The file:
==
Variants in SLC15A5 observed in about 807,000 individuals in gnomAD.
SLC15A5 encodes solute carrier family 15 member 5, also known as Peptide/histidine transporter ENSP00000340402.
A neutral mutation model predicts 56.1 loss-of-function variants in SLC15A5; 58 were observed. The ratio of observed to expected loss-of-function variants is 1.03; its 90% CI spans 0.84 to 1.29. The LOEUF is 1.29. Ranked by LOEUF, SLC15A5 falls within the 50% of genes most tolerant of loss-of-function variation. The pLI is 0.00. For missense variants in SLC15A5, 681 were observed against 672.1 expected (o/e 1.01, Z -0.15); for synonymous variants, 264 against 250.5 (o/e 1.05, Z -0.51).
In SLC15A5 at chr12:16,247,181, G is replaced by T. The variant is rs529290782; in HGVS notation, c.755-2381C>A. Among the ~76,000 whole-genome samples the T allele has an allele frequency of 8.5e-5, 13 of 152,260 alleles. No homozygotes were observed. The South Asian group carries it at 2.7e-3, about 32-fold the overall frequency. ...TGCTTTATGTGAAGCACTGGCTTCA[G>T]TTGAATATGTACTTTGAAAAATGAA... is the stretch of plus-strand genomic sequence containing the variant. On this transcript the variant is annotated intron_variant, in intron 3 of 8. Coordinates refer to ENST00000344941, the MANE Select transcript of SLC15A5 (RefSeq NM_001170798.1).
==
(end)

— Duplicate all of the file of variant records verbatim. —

Variants in SLC15A5 observed in about 807,000 individuals in gnomAD.
SLC15A5 encodes solute carrier family 15 member 5, also known as Peptide/histidine transporter ENSP00000340402.
A neutral mutation model predicts 56.1 loss-of-function variants in SLC15A5; 58 were observed. The ratio of observed to expected loss-of-function variants is 1.03; its 90% CI spans 0.84 to 1.29. The LOEUF is 1.29. Ranked by LOEUF, SLC15A5 falls within the 50% of genes most tolerant of loss-of-function variation. The pLI is 0.00. For missense variants in SLC15A5, 681 were observed against 672.1 expected (o/e 1.01, Z -0.15); for synonymous variants, 264 against 250.5 (o/e 1.05, Z -0.51).
In SLC15A5 at chr12:16,247,181, G is replaced by T. The variant is rs529290782; in HGVS notation, c.755-2381C>A. Among the ~76,000 whole-genome samples the T allele has an allele frequency of 8.5e-5, 13 of 152,260 alleles. No homozygotes were observed. The South Asian group carries it at 2.7e-3, about 32-fold the overall frequency. ...TGCTTTATGTGAAGCACTGGCTTCA[G>T]TTGAATATGTACTTTGAAAAATGAA... is the stretch of plus-strand genomic sequence containing the variant. On this transcript the variant is annotated intron_variant, in intron 3 of 8. Coordinates refer to ENST00000344941, the MANE Select transcript of SLC15A5 (RefSeq NM_001170798.1).